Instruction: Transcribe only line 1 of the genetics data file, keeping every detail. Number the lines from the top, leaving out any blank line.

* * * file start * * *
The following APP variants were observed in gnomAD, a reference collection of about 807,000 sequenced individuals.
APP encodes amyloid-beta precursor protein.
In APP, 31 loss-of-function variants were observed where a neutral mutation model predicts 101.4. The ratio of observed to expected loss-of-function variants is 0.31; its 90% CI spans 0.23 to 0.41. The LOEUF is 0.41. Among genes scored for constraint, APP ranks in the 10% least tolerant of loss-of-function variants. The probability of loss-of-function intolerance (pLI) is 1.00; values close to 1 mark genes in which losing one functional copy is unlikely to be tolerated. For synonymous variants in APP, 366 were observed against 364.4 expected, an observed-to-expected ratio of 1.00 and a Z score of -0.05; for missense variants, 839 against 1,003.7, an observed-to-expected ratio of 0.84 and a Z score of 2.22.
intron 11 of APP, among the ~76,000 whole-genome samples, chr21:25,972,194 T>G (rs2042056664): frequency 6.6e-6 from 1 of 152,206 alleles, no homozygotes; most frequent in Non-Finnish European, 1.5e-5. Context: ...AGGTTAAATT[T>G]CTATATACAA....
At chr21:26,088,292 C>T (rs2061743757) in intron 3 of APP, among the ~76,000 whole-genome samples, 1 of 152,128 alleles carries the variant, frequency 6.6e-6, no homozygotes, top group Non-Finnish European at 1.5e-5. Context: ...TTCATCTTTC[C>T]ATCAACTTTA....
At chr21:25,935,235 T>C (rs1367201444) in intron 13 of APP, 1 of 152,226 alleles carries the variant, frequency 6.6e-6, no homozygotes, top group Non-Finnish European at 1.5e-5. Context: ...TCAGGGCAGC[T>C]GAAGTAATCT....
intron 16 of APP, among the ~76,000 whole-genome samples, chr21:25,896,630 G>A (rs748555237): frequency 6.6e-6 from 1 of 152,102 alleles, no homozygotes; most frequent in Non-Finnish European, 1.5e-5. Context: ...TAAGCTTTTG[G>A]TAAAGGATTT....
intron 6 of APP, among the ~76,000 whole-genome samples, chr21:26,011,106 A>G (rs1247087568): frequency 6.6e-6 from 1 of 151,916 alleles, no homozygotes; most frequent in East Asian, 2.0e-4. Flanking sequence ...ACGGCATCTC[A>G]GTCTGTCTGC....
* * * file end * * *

The following APP variants were observed in gnomAD, a reference collection of about 807,000 sequenced individuals.